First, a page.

Thursday, July 20, 2017

Devon, o Devon, in wind and rain

Waggon Hill is a poem by Henry Newbolt. There is an odd contradiction between the maritime theme of the poem and the fact that the name of the poem is for a hill outside Ladysmith in South Africa.

The bridge between the two is that Ladysmith was besieged by Boers in 1900 in the Second Boer War. The siege lasted 118 days with many engagements over its duration, including one at Wagon Hill which the Boers attacked and the British defended.

The connection to the poem is that Wagon Hill was defended by the Devonshire Regiment. Newbolt wrote the poem as a tribute to the Devonshire Regiment, likening their courage and tenacity to that most famous son of Devon, Captain Sir Francis Drake.

Drake flourished in the expansive era of Elizabeth I as a privateer, explorer, and navigator. He led the second circumnavigation of the world 1577-1580 and was second-in-command of the British navy in its storied defeat of the Spanish Armada in 1588. It is Drake's battle with the Armada to which Newbolt is drawing a parallel with the Cornish Regiment's defense of Wagon Hill.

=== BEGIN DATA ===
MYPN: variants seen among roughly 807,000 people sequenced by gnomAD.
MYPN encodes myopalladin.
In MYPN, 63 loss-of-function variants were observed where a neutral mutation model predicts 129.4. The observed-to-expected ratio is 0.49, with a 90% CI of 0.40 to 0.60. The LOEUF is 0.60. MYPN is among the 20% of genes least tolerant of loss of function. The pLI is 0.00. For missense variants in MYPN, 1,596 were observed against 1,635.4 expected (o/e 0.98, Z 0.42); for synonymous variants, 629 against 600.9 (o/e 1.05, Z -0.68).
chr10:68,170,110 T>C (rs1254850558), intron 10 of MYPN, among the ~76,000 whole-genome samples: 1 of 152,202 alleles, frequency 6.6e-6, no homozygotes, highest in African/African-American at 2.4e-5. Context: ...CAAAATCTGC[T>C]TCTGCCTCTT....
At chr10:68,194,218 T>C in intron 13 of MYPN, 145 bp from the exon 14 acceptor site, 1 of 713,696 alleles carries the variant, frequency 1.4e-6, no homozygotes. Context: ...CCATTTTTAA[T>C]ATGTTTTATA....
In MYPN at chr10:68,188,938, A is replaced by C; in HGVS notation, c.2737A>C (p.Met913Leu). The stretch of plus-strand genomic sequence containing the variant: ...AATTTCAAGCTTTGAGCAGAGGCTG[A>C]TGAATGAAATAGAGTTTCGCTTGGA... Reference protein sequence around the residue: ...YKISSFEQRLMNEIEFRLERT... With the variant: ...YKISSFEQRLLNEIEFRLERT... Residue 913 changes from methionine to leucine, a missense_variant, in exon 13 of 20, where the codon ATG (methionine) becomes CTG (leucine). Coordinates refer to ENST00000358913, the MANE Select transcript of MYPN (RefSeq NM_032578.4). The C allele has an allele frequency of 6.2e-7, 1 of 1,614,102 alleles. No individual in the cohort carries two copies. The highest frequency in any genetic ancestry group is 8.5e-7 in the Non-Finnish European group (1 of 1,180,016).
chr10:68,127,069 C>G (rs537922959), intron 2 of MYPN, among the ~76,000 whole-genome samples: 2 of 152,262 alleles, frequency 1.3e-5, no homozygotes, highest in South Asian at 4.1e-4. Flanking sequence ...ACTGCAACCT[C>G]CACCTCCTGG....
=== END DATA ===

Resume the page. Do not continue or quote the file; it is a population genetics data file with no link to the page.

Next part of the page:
Waggon Hill
Ladysmith, January 6th, 1900
by Henry Newbolt

Drake in the North Sea grimly prowling,
Treading his dear Revenge's deck,
Watched, with the sea-dogs round him growling,
Galleons drifting wreck by wreck.
"Fetter and Faith for England's neck,
Faggot and Father, Saint and chain, -
Yonder the Devil and all go howling,
Devon, O Devon, in wind and rain!"

Drake at the last off Nombre lying,
Knowing the night that toward him crept,
Gave to the sea-dogs round him crying
This for a sign before he slept: -
"Pride of the West! What Devon hath kept
Devon shall keep on tide or main;
Call to the storm and drive them flying,
Devon, O Devon, in wind and rain!"

Valour of England gaunt and whitening,
Far in a South land brought to bay,
Locked in a death-grip all day tightening,
Waited the end in twilight gray.
Battle and storm and the sea-dog's way
Drake from his long rest turned again,
Victory lit thy steel with lightning,
Devon, O Devon, in wind and rain!

The poem was set to music by Sir Charles Villiers Stanford.



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